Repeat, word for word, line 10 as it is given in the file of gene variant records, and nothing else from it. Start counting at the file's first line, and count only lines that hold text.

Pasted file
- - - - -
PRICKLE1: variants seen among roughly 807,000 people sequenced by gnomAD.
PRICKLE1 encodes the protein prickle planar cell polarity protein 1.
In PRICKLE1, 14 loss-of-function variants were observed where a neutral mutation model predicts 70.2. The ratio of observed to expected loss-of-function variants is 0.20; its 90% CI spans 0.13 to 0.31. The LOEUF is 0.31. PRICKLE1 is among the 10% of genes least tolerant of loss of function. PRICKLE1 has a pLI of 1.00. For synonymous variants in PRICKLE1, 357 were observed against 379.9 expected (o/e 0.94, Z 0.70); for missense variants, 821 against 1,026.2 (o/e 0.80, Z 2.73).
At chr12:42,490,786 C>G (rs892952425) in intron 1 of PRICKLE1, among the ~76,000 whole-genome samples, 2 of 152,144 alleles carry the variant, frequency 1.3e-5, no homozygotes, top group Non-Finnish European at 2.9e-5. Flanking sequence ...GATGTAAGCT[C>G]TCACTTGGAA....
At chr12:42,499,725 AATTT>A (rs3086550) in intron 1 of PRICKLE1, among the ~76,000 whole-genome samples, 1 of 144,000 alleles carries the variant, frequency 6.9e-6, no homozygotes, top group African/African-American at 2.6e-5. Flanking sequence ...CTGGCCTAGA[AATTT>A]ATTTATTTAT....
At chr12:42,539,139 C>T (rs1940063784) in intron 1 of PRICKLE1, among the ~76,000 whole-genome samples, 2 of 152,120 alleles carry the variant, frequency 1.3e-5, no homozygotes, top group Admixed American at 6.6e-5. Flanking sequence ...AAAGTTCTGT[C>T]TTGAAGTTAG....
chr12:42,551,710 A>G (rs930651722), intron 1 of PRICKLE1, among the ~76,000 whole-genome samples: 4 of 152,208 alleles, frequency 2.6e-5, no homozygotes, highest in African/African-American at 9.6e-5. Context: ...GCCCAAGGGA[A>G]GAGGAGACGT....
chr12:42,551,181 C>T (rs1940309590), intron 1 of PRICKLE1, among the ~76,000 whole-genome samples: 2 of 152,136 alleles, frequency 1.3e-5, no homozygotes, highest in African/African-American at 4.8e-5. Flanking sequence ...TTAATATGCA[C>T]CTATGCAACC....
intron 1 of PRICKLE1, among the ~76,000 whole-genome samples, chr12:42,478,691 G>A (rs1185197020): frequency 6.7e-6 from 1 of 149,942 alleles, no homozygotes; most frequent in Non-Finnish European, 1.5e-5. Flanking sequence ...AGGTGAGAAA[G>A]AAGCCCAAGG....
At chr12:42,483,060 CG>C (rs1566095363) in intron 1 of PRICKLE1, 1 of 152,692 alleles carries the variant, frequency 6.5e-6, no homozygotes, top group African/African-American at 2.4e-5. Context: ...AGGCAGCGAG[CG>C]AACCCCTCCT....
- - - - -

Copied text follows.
At chr12:42,483,060 CG>C (rs1566095363) in intron 1 of PRICKLE1, 1 of 152,692 alleles carries the variant, frequency 6.5e-6, no homozygotes, top group African/African-American at 2.4e-5. Context: ...AGGCAGCGAG[CG>C]AACCCCTCCT....